The Eastern Hog-nosed Snake is found in the eastern half of the United States, from southern New England, western Minnesota and South Dakota south to Texas and east to Florida. In Canada, it is restricted to two geographically distinct areas in southern and south-central Ontario: the Carolinian region of southwestern Ontario and the Great Lakes–St. Lawrence region of central Ontario south of the French River and Lake Nipissing and east of Georgian Bay. The Eastern Hog-nosed Snake has been extirpated from the regional municipalities of Halton, Peel, and York, as well as from Pelee Island and from Point Pelee National Park of Canada. In addition, the records from Bruce, Grey, and Prince Edward counties are considered historical; the species may be extirpated from these areas as well as from Hastings and Durham counties. It is difficult to estimate the abundance of the Eastern Hog-nosed Snake from the isolated populations in Ontario because few studies have been conducted on this species in Canada. It appears, however, that these snakes are almost always found in low densities in Canada. Over the past 20 years, the Eastern Hog-nosed Snake has been extirpated from 8% of known occurrences in Ontario, and 35% of known occurrences are ranked as historical or unconfirmed. There are 126 confirmed records in the province, many of which are based on single observations. This suggests that some records represent small populations or remnants of extirpated populations. The total number of adult snakes has been estimated at fewer than 7500. Over the long term, the reduction in the amount of available habitat, the expanding road network and increased vehicle traffic in south-central Ontario, together with the threat of human persecution, point to a continuing decline in Eastern Hog-nosed Snake populations in Canada.

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Habitat

The Eastern Hog-nosed Snake prefers habitats with sandy, well-drained soil and open vegetative cover, such as open woods, brushland, fields, forest edges and disturbed sites. The species is often found near water. Eastern Hog-nosed Snakes in shoreline areas often rely on driftwood and other ground cover in beach and beach dune habitats, where toads, their prey of choice, are found. South of Parry Sound, in the Georgian Bay region, the species appears to prefer fields and forest habitats that have been modified by people rather than rock, wetland or aquatic habitats. They can live in slightly cooler areas if there are exposed south-facing sandy slopes that provide soil conditions that are warm enough for incubation. The types of habitats preferred by Eastern Hog-nosed Snakes have declined or disappeared because the habitats have soils favourable for agriculture or for beach and water-related recreation.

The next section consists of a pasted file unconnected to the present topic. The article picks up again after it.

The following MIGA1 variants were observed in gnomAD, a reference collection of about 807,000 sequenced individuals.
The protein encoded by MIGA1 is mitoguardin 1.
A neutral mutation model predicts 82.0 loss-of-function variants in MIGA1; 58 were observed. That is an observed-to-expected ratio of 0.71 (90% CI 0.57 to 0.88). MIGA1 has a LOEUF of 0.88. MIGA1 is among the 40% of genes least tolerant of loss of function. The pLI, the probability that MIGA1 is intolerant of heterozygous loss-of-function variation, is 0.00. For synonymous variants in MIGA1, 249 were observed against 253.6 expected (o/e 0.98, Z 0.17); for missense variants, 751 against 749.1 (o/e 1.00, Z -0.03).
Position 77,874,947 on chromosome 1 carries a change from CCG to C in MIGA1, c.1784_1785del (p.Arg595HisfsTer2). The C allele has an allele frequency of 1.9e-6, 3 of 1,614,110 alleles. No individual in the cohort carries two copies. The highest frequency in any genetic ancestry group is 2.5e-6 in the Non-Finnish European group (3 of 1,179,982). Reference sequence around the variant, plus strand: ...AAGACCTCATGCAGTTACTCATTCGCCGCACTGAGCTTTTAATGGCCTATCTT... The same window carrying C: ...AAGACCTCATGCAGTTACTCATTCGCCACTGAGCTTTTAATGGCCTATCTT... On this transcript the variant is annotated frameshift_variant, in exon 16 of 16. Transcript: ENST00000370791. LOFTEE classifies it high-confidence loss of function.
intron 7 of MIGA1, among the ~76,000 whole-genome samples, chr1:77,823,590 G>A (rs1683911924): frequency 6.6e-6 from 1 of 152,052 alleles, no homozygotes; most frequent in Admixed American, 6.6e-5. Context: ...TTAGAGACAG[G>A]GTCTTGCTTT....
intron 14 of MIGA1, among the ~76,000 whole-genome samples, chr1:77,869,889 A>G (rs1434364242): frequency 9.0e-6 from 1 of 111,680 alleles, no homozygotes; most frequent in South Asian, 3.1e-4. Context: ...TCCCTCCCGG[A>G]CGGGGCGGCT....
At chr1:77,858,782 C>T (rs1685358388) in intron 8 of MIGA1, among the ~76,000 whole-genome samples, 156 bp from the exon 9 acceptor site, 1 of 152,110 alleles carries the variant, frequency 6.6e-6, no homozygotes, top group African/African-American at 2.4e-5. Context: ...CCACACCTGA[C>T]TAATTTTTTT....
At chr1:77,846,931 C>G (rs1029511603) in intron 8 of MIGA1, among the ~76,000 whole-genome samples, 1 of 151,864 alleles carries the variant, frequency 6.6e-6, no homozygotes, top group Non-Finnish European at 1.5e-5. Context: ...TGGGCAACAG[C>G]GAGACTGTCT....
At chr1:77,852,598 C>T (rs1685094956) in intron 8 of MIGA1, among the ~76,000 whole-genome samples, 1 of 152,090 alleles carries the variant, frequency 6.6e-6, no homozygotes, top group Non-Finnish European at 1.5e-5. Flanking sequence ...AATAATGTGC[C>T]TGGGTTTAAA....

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Biology

In Ontario, the Eastern Hog-nosed Snake appears to reach reproductive maturity at age four or five, whereas in the central United States, maturity is reached around age two. Mating occurs in spring and in August and early September. Females may mate with more than one male. The Eastern Hog-nosed Snake is oviparous; females lay between 7 and 37 eggs in burrows, or nests, which they dig with their upturned snout in sandy soil about 10 to 20 cm below the surface. They may also nest in cavities under rocks as well as under driftwood on beaches. Egg laying begins in late June and continues for two to three weeks. Hatching occurs in late August or early September, after two months of incubation. In Canada, in the northern portion of the species’ range, females may need to excavate nests in locations that provide enough sunlight to ensure warm conditions for the incubation of the eggs. In addition, the Eastern Hog-nosed Snake shows high nest site fidelity from year to year. Eastern Hog-nosed Snakes hibernate from October to April in sandy soil below the frost line. Unlike other species, the Eastern Hog-nosed Snake does not hibernate communally. If existing suitable sites, such as burrows, are not available, the snakes may excavate a hibernation site; they sometimes exhibit hibernation site fidelity. Eastern Hog-nosed Snakes appear to hunt mainly using their sense of smell. In the United States, they feed on toads, frogs and lizards, as well as certain insects, amphibians other than toads and frogs, molluscs, birds, crustaceans, turtles, earthworms, and spiders. Adult snakes in the wild in Canada are known to feed only on toads. Eastern Hog-nosed Snakes may experience higher natural mortality by predation than other snake species in Ontario because they are active predators and move about a lot. Predators include mustelids, such as skunks and weasels, and other medium-sized mammals, such as foxes and raccoons. Raptors and wild turkeys are also predators of young and adult snakes. Pet and feral cats and dogs are also likely predators. Eastern Hog-nosed Snakes in or near urban areas suffer high rates of human-caused mortality. This species, which is harmless, is often taken for a venomous snake because, when threatened, it rears back and flattens its head like a cobra, then hisses and may strike. If its aggressive behaviour fails to scare off an attacker, the Eastern Hog-nosed Snake will play dead. It may also defecate and cover itself with foul-smelling excrement, roll onto its back with its tongue extended, and possibly even exude blood from its mouth.